Wendel said the tariff cut, for instance, would make Thai footwear products about 20 percent cheaper than Indonesian, while Thai-made women’s and girls’ clothing would be 12 percent lower.
Indonesia exported about US$1.1 billion worth in women’s and girls’ clothing to the U.S. last year, and $602 million in footwear exports. According to latest data at the Ministry of Trade, the country’s total exports to the U.S. reached $6.4 billion from January to November in 2003.
USAID senior economist, William E. James, said Indonesia had a lot to gain and less to lose in establishing an FTA with the US.
On other hand, U.S. exports would not experience much of a boost, as most key American products have entered Indonesia with low tariffs. Only cars and other motor vehicles, which only accounted for 0.3 percent of US exports to Indonesia, reached $2.4 billion in the first 11 months of last year.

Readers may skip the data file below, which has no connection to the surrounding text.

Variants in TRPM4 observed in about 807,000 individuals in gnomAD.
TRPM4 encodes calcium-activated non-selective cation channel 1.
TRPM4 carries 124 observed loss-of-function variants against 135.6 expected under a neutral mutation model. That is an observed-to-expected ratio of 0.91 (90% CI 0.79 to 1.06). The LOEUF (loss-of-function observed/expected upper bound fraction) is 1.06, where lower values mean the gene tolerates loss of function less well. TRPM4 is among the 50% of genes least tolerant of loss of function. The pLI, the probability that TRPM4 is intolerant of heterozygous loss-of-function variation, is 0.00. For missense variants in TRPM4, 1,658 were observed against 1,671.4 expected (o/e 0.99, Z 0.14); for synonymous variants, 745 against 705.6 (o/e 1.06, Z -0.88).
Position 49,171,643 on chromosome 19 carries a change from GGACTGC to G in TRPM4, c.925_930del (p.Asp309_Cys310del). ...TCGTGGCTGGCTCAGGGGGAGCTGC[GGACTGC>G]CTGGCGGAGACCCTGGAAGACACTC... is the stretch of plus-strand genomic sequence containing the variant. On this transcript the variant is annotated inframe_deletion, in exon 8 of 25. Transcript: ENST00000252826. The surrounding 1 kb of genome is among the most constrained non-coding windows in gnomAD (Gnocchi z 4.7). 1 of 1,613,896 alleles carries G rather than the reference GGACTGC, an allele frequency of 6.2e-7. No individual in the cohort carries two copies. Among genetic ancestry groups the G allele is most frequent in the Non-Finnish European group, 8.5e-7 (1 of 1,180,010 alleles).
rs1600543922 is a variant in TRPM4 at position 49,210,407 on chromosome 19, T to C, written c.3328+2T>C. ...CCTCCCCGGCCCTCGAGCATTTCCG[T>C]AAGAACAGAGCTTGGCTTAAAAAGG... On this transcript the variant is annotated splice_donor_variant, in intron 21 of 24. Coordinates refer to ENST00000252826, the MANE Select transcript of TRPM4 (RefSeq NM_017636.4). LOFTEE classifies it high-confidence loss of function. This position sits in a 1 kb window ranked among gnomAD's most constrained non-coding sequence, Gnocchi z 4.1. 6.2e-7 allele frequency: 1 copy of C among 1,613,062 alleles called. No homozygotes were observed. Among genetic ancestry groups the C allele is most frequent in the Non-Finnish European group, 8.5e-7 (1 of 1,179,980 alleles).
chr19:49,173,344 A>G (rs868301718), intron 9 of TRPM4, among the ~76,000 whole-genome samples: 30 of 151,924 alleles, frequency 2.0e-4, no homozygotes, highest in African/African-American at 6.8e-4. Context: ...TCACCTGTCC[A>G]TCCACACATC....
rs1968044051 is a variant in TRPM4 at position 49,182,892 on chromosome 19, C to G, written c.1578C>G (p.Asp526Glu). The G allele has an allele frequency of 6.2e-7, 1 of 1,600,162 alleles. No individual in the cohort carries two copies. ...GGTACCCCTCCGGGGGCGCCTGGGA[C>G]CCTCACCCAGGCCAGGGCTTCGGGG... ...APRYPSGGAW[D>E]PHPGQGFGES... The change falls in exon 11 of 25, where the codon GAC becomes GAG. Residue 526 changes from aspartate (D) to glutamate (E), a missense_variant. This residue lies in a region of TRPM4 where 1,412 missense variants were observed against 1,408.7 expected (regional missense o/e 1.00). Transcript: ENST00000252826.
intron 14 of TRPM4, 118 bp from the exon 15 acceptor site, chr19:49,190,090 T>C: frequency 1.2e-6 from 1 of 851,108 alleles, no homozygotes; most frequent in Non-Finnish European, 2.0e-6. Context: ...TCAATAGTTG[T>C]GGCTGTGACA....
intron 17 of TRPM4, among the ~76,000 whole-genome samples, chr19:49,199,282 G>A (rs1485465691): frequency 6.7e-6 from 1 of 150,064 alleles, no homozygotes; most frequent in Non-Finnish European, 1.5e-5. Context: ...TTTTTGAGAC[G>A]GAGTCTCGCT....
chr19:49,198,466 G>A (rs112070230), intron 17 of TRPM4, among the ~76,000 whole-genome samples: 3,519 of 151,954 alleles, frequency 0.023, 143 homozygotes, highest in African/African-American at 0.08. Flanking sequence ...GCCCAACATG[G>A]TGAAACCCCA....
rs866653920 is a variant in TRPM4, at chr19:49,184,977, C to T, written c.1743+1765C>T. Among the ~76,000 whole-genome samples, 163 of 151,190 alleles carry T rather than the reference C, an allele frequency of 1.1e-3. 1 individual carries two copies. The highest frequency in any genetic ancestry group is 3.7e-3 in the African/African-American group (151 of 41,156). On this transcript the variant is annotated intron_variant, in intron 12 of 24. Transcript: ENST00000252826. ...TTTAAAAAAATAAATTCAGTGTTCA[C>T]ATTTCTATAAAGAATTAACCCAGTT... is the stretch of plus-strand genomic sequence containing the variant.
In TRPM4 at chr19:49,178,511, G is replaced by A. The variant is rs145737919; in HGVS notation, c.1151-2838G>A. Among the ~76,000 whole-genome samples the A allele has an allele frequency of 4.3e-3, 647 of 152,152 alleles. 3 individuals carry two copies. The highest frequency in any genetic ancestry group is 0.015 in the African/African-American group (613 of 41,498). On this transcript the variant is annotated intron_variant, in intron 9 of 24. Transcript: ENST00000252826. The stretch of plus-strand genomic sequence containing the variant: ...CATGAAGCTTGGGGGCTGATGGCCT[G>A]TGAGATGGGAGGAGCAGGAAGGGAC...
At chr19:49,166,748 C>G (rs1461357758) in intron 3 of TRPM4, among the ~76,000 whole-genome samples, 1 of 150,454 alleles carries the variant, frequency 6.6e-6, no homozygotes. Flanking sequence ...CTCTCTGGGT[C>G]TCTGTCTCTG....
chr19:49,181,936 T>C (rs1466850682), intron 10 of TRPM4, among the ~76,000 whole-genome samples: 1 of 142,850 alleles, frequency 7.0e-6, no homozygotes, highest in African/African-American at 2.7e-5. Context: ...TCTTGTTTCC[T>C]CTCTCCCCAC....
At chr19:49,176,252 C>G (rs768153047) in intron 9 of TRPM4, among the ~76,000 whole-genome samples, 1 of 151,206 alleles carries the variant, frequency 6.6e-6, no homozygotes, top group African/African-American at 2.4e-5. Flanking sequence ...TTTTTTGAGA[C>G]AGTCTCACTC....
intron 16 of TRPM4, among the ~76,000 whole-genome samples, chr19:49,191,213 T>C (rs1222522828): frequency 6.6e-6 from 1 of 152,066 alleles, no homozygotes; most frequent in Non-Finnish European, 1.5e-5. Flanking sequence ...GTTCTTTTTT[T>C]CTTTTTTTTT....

Wendel added that since the US might not gain much from the trade deal in terms of its exports of products, it would propose wider market access for its services including transportation, travel and commercial services.
According to a study by a research institution at the University of Indonesia, some 50 groups of goods had the potential to be included in the planned FTA with the US, including textiles and apparel, furniture, sound recorders, natural rubber latex, telecommunication equipment and mollusks and fish.
"It was however still a preliminary study, we need to find more both the advantage and disadvantage in trading each commodity," Ministry of Trade’s director of bilateral cooperation Sondang Anggraini said.
Japan and the Philippines have reached a basic agreement on a bilateral free trade agreement after striking a deal on steel tariffs at the sideline of a two-day ministerial meeting of the Asia-Pacific Economic Cooperation forum in Santiago.